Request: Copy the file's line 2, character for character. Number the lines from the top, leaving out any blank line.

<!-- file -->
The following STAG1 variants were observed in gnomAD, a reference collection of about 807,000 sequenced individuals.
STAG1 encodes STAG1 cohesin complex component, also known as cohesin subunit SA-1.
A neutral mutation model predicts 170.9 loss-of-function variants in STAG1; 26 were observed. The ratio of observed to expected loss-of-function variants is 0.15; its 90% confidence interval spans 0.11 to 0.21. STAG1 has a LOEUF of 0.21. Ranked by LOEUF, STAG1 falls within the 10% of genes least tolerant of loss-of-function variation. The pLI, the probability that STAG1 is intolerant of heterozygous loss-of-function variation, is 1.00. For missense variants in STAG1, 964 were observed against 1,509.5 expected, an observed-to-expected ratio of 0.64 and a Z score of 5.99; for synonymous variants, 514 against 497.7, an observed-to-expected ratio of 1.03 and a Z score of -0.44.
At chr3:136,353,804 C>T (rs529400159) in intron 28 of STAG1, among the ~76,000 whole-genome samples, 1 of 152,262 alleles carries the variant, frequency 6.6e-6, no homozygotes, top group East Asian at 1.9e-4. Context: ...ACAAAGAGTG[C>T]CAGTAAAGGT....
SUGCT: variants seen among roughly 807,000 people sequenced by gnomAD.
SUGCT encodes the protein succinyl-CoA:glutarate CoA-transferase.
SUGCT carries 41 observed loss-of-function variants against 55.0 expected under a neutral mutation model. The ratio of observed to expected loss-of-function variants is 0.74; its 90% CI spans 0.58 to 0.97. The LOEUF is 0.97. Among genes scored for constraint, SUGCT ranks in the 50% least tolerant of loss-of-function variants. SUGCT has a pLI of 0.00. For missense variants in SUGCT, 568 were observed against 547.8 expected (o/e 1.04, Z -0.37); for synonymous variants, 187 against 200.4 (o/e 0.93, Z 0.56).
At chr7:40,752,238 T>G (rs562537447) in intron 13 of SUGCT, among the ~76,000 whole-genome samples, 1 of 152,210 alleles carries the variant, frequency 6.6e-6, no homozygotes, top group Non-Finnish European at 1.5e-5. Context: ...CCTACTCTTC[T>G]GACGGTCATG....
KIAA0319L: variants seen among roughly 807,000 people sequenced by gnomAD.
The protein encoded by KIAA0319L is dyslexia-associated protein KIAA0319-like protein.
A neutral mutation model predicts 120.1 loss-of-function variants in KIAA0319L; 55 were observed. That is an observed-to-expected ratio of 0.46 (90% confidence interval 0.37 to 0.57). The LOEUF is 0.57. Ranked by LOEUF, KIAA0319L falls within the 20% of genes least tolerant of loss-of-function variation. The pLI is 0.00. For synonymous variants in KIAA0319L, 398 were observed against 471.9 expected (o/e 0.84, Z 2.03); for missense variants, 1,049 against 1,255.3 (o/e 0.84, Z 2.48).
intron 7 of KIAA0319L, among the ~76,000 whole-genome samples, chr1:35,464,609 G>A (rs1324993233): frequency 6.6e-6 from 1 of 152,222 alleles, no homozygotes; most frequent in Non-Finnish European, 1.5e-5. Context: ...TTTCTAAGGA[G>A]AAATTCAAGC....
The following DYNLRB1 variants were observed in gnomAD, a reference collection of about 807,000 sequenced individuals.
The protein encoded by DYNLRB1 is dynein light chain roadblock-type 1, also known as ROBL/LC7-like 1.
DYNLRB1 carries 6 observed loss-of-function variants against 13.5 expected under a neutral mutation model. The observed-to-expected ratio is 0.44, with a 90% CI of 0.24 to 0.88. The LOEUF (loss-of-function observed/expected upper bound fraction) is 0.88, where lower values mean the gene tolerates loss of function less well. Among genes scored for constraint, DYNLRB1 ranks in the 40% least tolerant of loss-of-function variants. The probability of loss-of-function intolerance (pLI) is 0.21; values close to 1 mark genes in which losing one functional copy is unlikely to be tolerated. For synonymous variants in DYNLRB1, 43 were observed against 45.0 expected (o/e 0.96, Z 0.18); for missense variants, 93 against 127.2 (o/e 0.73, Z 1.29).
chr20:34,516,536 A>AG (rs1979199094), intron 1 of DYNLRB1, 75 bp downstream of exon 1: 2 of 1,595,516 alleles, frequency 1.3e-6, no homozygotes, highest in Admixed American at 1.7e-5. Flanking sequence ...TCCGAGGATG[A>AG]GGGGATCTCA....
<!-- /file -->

STAG1 encodes STAG1 cohesin complex component, also known as cohesin subunit SA-1.